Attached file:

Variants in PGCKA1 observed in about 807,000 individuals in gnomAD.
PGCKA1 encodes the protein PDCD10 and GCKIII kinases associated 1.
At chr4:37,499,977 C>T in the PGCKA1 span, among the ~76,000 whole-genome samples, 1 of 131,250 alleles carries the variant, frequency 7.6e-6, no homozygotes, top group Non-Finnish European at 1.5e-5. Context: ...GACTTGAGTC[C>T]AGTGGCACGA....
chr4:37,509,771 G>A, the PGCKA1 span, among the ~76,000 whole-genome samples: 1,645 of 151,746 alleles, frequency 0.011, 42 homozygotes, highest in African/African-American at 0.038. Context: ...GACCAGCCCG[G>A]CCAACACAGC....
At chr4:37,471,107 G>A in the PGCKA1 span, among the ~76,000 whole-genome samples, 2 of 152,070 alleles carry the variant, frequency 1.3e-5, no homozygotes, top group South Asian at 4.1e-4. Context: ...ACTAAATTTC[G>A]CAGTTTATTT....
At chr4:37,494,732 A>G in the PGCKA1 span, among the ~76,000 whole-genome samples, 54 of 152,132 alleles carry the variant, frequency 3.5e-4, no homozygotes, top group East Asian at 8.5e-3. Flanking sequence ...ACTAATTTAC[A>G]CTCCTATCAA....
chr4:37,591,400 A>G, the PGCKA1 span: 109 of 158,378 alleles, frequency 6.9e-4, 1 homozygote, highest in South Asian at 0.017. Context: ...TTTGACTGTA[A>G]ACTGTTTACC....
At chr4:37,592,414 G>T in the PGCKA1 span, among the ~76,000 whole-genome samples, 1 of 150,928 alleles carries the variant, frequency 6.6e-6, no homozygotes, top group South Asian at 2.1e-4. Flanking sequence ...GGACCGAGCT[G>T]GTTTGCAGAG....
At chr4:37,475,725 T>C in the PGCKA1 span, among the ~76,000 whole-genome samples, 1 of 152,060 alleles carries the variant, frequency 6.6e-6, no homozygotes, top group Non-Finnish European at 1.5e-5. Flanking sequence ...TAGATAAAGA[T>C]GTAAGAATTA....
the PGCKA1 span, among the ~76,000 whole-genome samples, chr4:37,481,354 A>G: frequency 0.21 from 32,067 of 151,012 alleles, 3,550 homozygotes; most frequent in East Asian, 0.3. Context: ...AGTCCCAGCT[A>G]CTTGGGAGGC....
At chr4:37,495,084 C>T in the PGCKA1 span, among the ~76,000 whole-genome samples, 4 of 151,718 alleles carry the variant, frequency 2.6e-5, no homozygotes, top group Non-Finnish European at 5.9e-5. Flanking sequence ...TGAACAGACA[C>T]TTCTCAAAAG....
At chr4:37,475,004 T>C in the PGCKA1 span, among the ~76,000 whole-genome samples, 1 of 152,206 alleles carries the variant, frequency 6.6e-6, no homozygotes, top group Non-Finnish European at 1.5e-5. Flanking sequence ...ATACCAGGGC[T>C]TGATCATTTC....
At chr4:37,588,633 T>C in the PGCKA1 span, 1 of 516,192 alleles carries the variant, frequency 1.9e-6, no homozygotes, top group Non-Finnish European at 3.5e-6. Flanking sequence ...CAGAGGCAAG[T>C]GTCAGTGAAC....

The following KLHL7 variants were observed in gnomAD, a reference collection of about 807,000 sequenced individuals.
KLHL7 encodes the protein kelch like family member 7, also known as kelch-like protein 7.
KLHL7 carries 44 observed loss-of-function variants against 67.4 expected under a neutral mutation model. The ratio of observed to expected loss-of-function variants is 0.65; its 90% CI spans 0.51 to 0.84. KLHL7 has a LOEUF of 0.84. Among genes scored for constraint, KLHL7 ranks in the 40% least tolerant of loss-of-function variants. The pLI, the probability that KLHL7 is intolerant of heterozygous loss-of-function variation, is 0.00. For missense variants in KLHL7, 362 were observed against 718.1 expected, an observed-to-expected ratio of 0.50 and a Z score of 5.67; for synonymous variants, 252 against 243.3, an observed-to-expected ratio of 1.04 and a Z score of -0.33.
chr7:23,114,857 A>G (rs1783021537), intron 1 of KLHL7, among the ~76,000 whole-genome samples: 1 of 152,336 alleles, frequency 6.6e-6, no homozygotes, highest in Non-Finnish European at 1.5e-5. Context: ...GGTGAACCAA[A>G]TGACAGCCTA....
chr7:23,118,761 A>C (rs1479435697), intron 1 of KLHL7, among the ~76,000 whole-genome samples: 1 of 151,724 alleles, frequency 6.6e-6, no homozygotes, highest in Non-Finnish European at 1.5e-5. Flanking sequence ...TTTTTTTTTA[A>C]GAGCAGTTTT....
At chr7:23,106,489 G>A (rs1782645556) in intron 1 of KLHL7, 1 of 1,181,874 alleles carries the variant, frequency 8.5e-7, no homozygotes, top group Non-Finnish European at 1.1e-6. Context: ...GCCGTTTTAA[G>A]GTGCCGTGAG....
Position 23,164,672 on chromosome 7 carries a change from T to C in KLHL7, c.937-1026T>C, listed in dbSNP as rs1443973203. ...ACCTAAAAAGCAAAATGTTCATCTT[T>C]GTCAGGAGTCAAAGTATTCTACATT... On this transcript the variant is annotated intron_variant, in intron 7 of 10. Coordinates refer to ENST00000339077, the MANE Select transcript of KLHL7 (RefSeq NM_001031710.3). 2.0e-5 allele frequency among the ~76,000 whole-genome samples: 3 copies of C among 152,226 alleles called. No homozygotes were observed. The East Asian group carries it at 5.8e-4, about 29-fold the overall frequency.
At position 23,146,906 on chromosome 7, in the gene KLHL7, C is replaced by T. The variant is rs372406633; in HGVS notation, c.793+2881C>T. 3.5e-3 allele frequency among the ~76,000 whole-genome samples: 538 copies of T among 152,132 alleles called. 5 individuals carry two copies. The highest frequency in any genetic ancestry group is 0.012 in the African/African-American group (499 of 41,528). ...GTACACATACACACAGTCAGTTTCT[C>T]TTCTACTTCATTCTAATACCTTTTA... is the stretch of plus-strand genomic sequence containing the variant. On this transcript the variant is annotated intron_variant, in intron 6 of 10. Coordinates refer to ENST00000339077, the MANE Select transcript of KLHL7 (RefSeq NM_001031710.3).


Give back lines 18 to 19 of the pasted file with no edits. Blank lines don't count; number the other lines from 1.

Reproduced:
chr7:23,118,761 A>C (rs1479435697), intron 1 of KLHL7, among the ~76,000 whole-genome samples: 1 of 151,724 alleles, frequency 6.6e-6, no homozygotes, highest in Non-Finnish European at 1.5e-5. Flanking sequence ...TTTTTTTTTA[A>C]GAGCAGTTTT....
At chr7:23,106,489 G>A (rs1782645556) in intron 1 of KLHL7, 1 of 1,181,874 alleles carries the variant, frequency 8.5e-7, no homozygotes, top group Non-Finnish European at 1.1e-6. Context: ...GCCGTTTTAA[G>A]GTGCCGTGAG....